Movement Disorder (MD) are neurological conditions that cause problems with movement. This can include increased voluntary/involuntary movement, or decreased or slow voluntary movement. There are a wide range of causes of MD, from genetics, infections, to brain damage.
Some common examples of MD are:
- Chorea and Huntington’s Disease
- Parkinson’s Disease
- Tardive Dyskinesia
- Tourette Syndrome
Some symptoms of movement disorder are:
- Muscle weakness
- Tingling or numbness in arms, legs, hands, feet, and/or face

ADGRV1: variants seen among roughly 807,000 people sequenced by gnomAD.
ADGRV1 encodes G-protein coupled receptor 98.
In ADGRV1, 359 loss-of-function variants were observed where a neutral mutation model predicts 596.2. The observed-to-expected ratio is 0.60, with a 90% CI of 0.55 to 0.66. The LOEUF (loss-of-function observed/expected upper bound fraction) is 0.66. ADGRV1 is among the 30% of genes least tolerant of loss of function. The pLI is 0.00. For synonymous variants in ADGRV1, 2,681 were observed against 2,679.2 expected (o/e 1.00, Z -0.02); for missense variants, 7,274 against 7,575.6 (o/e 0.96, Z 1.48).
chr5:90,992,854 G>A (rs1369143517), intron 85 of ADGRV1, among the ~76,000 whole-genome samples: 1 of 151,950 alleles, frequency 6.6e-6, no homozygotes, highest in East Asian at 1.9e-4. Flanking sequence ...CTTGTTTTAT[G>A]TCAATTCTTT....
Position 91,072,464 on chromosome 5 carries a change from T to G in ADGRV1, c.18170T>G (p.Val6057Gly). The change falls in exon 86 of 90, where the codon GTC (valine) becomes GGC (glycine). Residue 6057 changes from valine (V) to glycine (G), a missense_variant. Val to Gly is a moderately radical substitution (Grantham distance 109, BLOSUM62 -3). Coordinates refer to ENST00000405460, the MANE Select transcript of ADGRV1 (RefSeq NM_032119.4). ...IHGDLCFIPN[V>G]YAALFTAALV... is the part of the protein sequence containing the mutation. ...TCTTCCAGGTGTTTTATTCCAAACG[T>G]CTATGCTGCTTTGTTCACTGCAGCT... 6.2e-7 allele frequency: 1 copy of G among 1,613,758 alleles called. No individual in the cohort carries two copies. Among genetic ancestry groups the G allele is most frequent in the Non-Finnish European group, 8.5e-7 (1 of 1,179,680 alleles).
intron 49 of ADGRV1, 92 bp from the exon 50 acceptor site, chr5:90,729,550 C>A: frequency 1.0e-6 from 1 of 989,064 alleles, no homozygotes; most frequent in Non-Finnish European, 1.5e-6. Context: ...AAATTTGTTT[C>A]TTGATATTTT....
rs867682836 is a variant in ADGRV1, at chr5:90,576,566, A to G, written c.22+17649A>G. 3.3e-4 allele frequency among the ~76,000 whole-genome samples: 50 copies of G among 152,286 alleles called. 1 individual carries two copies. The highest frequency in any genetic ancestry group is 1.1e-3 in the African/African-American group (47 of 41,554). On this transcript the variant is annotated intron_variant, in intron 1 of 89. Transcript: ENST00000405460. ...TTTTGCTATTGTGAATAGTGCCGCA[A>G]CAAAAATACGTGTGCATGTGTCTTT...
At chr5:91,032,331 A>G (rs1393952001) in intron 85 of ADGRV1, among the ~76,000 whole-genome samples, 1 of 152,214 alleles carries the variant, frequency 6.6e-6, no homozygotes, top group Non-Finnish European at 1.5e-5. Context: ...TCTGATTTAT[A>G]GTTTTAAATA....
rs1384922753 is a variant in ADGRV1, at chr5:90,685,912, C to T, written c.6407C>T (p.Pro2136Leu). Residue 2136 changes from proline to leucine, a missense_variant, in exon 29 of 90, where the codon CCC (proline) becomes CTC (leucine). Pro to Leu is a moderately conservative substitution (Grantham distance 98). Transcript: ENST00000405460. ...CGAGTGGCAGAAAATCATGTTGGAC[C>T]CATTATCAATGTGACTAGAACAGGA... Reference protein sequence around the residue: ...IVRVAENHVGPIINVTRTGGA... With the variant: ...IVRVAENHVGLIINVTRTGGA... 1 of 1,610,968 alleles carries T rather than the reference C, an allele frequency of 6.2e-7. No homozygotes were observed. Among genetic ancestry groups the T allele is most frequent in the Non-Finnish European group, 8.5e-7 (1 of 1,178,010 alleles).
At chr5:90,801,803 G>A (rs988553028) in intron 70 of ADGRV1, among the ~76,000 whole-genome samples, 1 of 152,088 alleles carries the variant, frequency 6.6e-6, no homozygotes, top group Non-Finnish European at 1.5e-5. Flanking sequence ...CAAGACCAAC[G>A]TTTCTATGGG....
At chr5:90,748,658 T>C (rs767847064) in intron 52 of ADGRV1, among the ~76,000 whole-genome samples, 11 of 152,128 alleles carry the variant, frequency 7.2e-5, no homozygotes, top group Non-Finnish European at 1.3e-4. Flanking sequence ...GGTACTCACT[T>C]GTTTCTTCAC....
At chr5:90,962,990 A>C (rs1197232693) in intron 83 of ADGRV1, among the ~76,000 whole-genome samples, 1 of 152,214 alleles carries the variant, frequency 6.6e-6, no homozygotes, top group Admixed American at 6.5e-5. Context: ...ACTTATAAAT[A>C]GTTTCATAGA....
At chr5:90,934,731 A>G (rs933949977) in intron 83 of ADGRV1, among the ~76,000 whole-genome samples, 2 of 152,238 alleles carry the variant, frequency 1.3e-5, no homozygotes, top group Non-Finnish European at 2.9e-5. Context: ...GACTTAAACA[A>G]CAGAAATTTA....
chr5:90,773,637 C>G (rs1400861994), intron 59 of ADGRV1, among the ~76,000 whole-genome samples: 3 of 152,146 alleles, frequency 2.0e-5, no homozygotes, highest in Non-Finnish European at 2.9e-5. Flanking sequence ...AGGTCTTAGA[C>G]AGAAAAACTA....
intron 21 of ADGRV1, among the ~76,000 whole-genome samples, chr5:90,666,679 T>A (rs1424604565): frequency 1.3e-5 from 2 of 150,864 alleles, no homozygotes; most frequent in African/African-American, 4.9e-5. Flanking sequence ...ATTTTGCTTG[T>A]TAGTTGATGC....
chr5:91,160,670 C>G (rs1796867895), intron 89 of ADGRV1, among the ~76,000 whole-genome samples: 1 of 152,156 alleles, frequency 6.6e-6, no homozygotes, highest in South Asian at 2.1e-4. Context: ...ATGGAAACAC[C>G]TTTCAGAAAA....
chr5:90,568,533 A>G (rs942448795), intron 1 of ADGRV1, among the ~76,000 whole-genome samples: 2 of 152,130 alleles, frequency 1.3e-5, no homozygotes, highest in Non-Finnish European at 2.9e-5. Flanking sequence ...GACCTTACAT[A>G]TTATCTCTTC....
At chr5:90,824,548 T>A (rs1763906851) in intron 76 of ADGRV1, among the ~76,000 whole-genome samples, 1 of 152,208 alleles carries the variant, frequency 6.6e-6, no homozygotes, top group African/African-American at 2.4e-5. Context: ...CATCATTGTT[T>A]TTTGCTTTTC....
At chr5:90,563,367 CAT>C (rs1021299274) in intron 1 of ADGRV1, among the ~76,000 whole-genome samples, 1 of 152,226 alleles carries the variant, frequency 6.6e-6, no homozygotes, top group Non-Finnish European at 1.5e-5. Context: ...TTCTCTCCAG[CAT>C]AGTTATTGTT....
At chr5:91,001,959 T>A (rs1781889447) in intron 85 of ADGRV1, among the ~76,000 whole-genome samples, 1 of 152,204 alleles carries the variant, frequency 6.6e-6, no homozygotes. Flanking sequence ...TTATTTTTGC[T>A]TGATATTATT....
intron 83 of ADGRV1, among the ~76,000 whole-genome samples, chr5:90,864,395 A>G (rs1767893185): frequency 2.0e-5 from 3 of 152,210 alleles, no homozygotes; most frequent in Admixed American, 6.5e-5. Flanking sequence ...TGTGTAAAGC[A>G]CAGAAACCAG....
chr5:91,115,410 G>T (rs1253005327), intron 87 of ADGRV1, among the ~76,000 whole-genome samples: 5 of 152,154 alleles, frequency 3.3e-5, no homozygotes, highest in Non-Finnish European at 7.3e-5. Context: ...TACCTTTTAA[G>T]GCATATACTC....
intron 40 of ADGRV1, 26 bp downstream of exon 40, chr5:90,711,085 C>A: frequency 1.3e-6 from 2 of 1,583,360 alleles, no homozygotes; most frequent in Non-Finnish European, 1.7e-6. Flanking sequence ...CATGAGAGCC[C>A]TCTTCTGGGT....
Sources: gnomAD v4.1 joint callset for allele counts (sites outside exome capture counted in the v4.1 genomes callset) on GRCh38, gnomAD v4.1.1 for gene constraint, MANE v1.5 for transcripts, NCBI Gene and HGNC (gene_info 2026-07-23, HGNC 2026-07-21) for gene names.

- Muscle cramps, spasms, and/or twitching
- Muscle paralysis
An electromyography (EMG) test—which measures the electrical activity of muscles and nerves—is used to diagnose MD. Since nerves send out electric signals to make your muscles react in certain ways, the test studies the signals they give off to identify if your nerves and muscles are responding correctly. If your nerves and muscles aren’t responding properly, it helps your healthcare provider diagnose if you have MD.
Treatments will vary depending on which MD you have. Your healthcare provider will guide you on the best course of action once your diagnosis is confirmed.